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 U.S. Department of Education: Promoting Educational Excellence for all Americans - Link to ED.gov Home Page

Performance Highlights | Goal 2:
Improve student achievement

This pie chart shows the amount of FY 2005 expenditures that support Goal 2, and the amount that support all other goals.  48.4 percent of expenditures support Goal 2, and 51.6 percent of expenditures support other goals.

Along with local school teachers and parents, state education leaders, business leaders, everyday U.S. citizens, and students themselves, the Department's goal is to improve educational achievement. The No Child Left Behind Act sets as a national goal that all students achieve proficiency in reading and mathematics by SY 2013-14. Goal 2 focuses on improvements in early reading instruction, middle school mathematics instruction, high school proficiency, and teacher quality.

Key Results for Goal 2

  • Nine-year-old students' average reading scores on the 2004 National Assessment of Educational Progress Long-Term Trend Assessment were higher than in any previous assessment year; Hispanic, black, and white 9-year-old students' average reading scores increased between 1999 and 2004 by 12, 15, and 5 points, respectively.
  • The Department has committed to making available to the public state high school graduation rates calculated by a standard measure with state-submitted graduation rates. Standardizing graduation rates is the first step in data-driven high school reform.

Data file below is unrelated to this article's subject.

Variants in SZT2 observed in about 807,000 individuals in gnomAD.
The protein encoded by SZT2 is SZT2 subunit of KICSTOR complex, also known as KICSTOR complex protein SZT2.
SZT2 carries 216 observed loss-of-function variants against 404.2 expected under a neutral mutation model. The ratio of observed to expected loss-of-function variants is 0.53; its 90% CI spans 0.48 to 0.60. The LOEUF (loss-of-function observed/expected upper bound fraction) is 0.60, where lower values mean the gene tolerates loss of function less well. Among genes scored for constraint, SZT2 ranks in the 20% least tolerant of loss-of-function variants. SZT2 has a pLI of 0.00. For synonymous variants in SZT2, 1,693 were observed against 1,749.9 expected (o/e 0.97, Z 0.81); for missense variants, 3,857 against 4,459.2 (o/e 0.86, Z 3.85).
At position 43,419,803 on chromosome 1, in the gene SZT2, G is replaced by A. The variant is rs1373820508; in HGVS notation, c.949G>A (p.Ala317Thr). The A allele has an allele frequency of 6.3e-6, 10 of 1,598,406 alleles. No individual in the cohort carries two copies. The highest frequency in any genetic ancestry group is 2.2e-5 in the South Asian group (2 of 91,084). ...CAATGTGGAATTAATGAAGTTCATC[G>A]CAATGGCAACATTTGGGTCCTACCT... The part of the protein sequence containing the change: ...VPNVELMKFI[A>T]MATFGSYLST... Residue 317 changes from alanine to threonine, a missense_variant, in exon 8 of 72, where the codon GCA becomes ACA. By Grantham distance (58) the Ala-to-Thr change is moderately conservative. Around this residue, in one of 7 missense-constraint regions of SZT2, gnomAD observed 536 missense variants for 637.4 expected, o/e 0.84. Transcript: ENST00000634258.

Area of Focus

In 2004 and 2005, the Department clearly stated that we are committed to high school reform. We held two national summits in as many years to support the Preparing America's Future High School Initiative. But high school reform encounters seemingly intractable problems: high school students say they are unengaged and unchallenged in school; in some groups, as few as half of students graduate; and graduates sometimes find themselves unprepared when they go to college.

High school reform remains an important area of focus for the Department in 2006 as President Bush requested $1.9 billion for high school reform in his FY 2006 budget proposal. Programmatically, the Department is proposing High School Intervention, a new formula grant program designed to help local educational agencies meet the needs of at-risk high school students. Additionally, the budget proposal would increase support for Striving Readers, support the development of assessments for all high school students in reading and mathematics, accelerate mathematics learning through competitive grants under the Mathematics and Science Partnerships program, increase student access to the Advanced Placement program, and increase the number of states implementing the State Scholars program.